I was fourteen when I shot my first deer. I was standing next to a large gray tree, shivering, early on a cold November morning. I had been left alone there on my “stand” by my father two hours ago, in the darkness just before dawn. I was lonely and a little scared, the gun uncomfortably heavy in my arms. Every sound I heard could be, to my excited imagination, an approaching deer. After two hours I was a nervous wreck. Then, suddenly, one of the sounds WAS a deer, with horns, running through the trees not very far in front of me.
I raised the gun and fired once, very fast. There was no aiming involved, just nervous reaction. That was one unlucky deer. The bullet, unaimed, found its way right to the deer’s heart. I put down the gun and walked over to the body of the deer I had killed. His eyes were still open, his fur warm. I have never, and will never, pick up a hunting gun again.
In the absence of my hunting, the national deer population has exploded. What were a few million deer when I was a boy has grown to 25 to 30 million today. That’s a lot of deer. A New York State forester named Bruce Robinson has smashed his pickup into five deer this year — there were 63,000 deer-vehicle collisions in that state in 1999 alone.
Much of the growth in the national deer population has occurred in the last few decades, much of it near urban areas. Deer have adapted well to encroaching suburbia, for two reasons:
1. Growth of suburbs. Paradoxically, land development tends to improve deer food supplies. Because the reproduction and survival of deer depend directly upon the quality of the food available to them, the improved food has led to more deer. Deer browse on leaves, and require large quantities of new growth with high nutritional content to maintain normal reproduction. Deer populations forty years ago rarely grew large for the simple reason that most of the trees in an undisturbed forest are old, and only the undergrowth provides suitable food. It is because land development usually involves clearing land that urban development leads to increased deer food supplies. There are far fewer trees, but the trees are new growth, and very munchable. So are garden shrubs. Deer eat very, very well in surburbia.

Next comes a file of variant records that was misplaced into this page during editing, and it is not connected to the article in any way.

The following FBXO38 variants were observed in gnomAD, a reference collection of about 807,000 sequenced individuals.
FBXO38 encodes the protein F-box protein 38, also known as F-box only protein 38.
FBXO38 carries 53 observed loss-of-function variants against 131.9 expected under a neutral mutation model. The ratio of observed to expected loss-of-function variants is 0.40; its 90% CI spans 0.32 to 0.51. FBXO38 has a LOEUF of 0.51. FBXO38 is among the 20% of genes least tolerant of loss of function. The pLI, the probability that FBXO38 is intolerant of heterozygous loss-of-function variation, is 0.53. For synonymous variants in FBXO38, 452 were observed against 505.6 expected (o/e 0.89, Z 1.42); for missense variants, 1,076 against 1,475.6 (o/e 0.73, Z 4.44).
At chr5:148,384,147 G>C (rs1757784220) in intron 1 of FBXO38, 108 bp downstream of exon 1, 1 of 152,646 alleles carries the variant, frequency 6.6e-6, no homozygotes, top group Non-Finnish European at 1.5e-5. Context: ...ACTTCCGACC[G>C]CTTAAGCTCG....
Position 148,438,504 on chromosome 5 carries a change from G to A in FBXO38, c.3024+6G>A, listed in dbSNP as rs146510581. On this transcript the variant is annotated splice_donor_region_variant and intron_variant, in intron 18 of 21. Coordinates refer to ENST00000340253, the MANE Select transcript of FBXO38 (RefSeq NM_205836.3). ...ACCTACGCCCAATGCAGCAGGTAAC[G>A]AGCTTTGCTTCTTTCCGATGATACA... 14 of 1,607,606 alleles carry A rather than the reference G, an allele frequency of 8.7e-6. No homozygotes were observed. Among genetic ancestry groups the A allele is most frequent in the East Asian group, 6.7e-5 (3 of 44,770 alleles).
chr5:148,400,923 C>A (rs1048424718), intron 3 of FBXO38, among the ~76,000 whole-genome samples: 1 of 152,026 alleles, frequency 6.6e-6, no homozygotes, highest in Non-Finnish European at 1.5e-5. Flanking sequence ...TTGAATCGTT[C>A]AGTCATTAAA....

2. Restriction of hunting. Nobody wants someone shooting at deer near their kids. Not surprising, then, much of the area in which deer populations are growing most rapidly have been declared off limits to hunters. Removing their only significant predator — hunters — allows deer populations to grow unchecked.
Anyone who lives in the western parts of Saint Louis County, or anywhere else in the suburbs surrounding St. Louis, knows the result of providing ample food and no hunting: lots of deer. “A deer in the backyard is wonderful,” says wildlife biologist William Porter. “Twenty five deer in the backyard is a problem.” Nancy Hoffstetter of Town and Country agrees. “I consider them long-legged rats.”
What should we do to respond to this plague of deer? You can’t just “remove” the deer to some forest far from St. Louis, like they are trying to do in Town and Country at a cost of $360 per deer. Why doesn’t this humane approach work? Other St. Louis deer from surrounding areas just take their place! Imagine trying to empty people from a prime section of Busch Stadium by physically removing individuals one at a time. You would never get anywhere, because other people would just crowd in. For every deer removed from Town and Country, there are two eager to get in and have a good meal. Nevertheless, Town and Country is set to begin a third year of its deer relocation plan in November.
There are only two real options: decrease the birth rate or increase the death rate.
Decreasing the birth rate is certainly the most ethically palatable approach. However, deer birth control has proven impractical. Every female deer must be captured for the first dose, and redarted for each subsequent booster shot. Only in very small isolated populations is this practical. Nor is there any effective oral contraceptive for deer.
This leaves increasing the death rate. On more remote forest land, we should extend the hunting season, increase the bag limit, and encourage the shooting of antlerless females. In the suburbs, the only realistic approach is to thin out the local herds with professional sharpshooters. I would bet money that Reverend Larry Rice or another worthy charity would put the meat to good use feeding the poor. No one wants to kill Bambi, but Bambi starving to death is every bit as unpleasant an option, and if the St. Louis deer herd continues to grow, that is what is going to happen. A lot more deer will die, a lot more miserably.
So, as deer hunting season approaches, I find to my surprise that the same ethical pain that caused me to abandon hunting as a teenager now compels me to urge the shooting of more deer today. It is not an easy choice, but I think it is the right one. © Txtwriter Inc.